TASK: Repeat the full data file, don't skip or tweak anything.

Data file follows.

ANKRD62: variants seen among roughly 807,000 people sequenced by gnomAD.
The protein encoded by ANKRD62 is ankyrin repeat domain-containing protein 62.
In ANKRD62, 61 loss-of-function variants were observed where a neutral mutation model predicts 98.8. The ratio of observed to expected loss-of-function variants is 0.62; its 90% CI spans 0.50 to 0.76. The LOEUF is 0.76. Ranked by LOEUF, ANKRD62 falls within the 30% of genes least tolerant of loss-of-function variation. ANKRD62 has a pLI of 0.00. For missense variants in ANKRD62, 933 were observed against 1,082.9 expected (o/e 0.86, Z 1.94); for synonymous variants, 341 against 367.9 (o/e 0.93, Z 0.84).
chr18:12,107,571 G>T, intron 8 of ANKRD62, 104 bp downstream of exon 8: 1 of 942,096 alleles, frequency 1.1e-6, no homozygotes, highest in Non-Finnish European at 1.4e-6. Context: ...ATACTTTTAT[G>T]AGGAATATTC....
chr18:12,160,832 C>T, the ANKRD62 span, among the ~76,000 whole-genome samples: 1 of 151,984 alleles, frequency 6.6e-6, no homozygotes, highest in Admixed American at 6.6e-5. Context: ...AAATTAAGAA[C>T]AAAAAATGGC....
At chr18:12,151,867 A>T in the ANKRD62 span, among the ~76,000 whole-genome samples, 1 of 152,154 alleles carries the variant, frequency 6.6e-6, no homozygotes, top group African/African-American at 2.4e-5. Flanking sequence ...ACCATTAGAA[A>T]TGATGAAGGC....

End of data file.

ANKRD62: variants seen among roughly 807,000 people sequenced by gnomAD.
The protein encoded by ANKRD62 is ankyrin repeat domain-containing protein 62.
In ANKRD62, 61 loss-of-function variants were observed where a neutral mutation model predicts 98.8. The ratio of observed to expected loss-of-function variants is 0.62; its 90% CI spans 0.50 to 0.76. The LOEUF is 0.76. Ranked by LOEUF, ANKRD62 falls within the 30% of genes least tolerant of loss-of-function variation. ANKRD62 has a pLI of 0.00. For missense variants in ANKRD62, 933 were observed against 1,082.9 expected (o/e 0.86, Z 1.94); for synonymous variants, 341 against 367.9 (o/e 0.93, Z 0.84).
chr18:12,107,571 G>T, intron 8 of ANKRD62, 104 bp downstream of exon 8: 1 of 942,096 alleles, frequency 1.1e-6, no homozygotes, highest in Non-Finnish European at 1.4e-6. Context: ...ATACTTTTAT[G>T]AGGAATATTC....
chr18:12,160,832 C>T, the ANKRD62 span, among the ~76,000 whole-genome samples: 1 of 151,984 alleles, frequency 6.6e-6, no homozygotes, highest in Admixed American at 6.6e-5. Context: ...AAATTAAGAA[C>T]AAAAAATGGC....
At chr18:12,151,867 A>T in the ANKRD62 span, among the ~76,000 whole-genome samples, 1 of 152,154 alleles carries the variant, frequency 6.6e-6, no homozygotes, top group African/African-American at 2.4e-5. Flanking sequence ...ACCATTAGAA[A>T]TGATGAAGGC....